Home EntertainmentMusic Judas Priest Kicked Off The 2024 Concert Season At STL Music Park

Judas Priest Kicked Off The 2024 Concert Season At STL Music Park

by Maddox O'Rourke

It’s opening day at St. Louis Music Park and the tour did not disappoint. Sabaton played a high energy opening set that included great production values for a smaller stage. This Swedish band rocked the IKEA references, keeping the mood light despite the heaviness of every song. Their songwriting is very heavily influenced by Iron Maiden with mostly war themes. I would say their stage show also shows a Maiden influence as well.

Singer Joakim Brodén had a great rapport with the audience and commented how impressed he was with our Sunday energy. Guitarists Chris Rörland and Tommy Johansson are both fantastic guitarists. All the band members used the entire stage with near constant movement. The tank prop where the drummer, Hannes Van Dahl, lived was the center point of the visuals.

The crowd was enthusiastic all night and it was one of those great live experiences where you can feel the energy flowing through the venue between the band and The U.S. Panzer Battalion.

The main event: Judas Priest.

They’ve been living after midnight for over 50 years, and on Sunday they did it again. With a discography they’ve been building since the 70’s, they manage to fill the show with enough to songs to get your fix from every decade of JUDAS PRIEST.

Right before the band came on they played a snippet from Black Sabbath’s WAR PIGS. The song that’ll unite every metalhead into a hyped frenzy. Everybody young and old sang along and right as Ozzy’s vocals ended everything went black.
Then all of a sudden these colorful lights shine from the stage and this large curtain falls revealing JUDAS PRIEST. They rip into their new song “PANIC ATTACK.” The shrieking vocals of Rob Halford and the shredding guitar solos from Glenn Tipton and Richie Faulkner.

Especially from Mr. Faulkner, he’d solo every chance he could. If it was in the middle of a song or in between songs, he’d pick the strings like no other. Not only could he shred guitar like a mad man but he had incredible crowd interactions. The picks and conversations it looked like he had with the crowd show how wonderful he is at not only being a musician but also being a respectable and passionate performer.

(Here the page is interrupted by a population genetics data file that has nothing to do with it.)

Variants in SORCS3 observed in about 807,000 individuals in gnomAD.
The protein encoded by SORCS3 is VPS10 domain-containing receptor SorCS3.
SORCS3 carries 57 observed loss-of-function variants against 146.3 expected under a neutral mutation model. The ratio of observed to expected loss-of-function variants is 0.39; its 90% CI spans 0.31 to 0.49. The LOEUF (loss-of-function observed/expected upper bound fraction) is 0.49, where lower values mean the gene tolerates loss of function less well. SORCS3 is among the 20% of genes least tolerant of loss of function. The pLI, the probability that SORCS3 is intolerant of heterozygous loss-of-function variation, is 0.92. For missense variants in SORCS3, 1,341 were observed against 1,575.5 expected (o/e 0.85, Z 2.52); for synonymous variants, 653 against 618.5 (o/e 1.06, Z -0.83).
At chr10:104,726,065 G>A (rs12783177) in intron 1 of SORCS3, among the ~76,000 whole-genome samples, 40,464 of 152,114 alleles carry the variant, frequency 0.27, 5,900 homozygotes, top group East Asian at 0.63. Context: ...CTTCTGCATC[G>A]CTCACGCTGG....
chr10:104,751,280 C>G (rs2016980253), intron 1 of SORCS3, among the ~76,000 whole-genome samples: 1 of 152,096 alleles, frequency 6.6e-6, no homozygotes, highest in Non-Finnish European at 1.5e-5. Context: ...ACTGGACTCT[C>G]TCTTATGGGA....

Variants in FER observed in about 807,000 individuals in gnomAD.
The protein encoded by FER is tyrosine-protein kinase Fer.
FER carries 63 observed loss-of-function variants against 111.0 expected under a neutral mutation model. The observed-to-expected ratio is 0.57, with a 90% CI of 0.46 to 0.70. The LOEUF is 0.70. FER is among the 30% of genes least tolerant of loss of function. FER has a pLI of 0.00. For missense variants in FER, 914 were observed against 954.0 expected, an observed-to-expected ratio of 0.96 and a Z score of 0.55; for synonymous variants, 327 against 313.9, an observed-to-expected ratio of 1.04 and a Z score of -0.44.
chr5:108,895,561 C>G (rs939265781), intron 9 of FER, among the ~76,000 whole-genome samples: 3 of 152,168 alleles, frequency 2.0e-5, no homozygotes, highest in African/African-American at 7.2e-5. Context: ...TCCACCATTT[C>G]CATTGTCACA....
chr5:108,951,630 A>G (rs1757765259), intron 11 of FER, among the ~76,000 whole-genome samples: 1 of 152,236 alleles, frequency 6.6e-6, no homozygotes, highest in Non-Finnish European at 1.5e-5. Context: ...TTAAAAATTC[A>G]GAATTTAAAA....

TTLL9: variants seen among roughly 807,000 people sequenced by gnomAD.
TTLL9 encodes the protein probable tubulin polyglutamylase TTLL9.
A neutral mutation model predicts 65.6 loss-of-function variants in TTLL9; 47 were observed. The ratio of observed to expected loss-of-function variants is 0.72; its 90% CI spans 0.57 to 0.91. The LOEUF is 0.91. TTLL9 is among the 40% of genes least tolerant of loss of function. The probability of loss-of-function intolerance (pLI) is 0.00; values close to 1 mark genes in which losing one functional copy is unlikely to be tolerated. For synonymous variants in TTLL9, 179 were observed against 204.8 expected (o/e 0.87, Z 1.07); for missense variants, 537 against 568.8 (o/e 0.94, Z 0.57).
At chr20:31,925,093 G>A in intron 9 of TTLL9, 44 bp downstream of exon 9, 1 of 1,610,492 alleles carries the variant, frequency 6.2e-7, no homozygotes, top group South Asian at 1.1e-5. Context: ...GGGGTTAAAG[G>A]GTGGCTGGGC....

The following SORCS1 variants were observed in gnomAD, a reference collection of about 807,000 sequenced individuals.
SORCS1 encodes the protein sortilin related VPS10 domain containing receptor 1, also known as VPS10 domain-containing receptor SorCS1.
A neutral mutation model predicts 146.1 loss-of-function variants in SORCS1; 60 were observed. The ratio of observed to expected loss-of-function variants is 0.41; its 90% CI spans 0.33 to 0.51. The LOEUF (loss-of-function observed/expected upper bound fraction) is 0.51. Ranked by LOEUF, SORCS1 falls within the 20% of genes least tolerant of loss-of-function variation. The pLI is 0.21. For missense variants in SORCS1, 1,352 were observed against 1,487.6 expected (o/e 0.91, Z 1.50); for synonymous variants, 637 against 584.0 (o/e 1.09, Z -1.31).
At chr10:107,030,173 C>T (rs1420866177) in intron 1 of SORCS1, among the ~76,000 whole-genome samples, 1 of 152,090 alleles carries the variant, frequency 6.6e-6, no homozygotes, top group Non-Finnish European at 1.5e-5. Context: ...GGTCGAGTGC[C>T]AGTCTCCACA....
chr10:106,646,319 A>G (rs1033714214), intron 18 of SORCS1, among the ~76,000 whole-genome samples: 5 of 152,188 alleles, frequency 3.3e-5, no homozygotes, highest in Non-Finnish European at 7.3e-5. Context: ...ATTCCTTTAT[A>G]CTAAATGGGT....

Richie wasn’t the only member up there being exotic, Rob Halford was shrieking and singing like there was no tomorrow. To think he can still perform as good as he could when he was younger is incredible but even he said himself “age is just a number.” Halford’s best moment on stage however would have to be when the band started playing “Hell Bent for Leather”. He walks off stage and these loud motorcycle sound start to play. As you see him appear, you can tell he’s riding on this beast of a vehicle.

The other three members were in their own zone built off of each other. Ian Hill and Glenn Tipton both stayed connected to their instruments rather than the crowd but they didn’t need to be these flamboyant rockstars to put on a good show. They just needed to do what they’ve always done. Play Heavy Metal and have a good time.

Finally, for Scott Travis he did what he’s meant to do play the drums and make it sound damn good. He’s an Incredible drummer and left my jaw on the floor with how great he is. My favorite moment of his was before Painkiller started and it was just him and his drum kit on the stage. He grabs the mic and says that they’ve got time for one more song and so what do we wanna hear? Everybody in unison screams “PAINKILLER.” The song that made even the non Judas fans sing that night.

Luckily for the fans, that wasn’t it. The encore included some of the most popular Priest tunes: Hellion/Electric Eye, Hell Bent for Leather, and Living After Midnight.

For a group like Judas Priest to do this for over half a century is some great evidence to show that heavy metal isn’t a trend but instead a way of life.

PHOTO GALLERY: https://photos.micklite.com/Music/Judas-Priest-at-STLMP-5524

Maddox O'Rourke
+ posts

Related Articles

Leave a Reply

This site uses Akismet to reduce spam. Learn how your comment data is processed.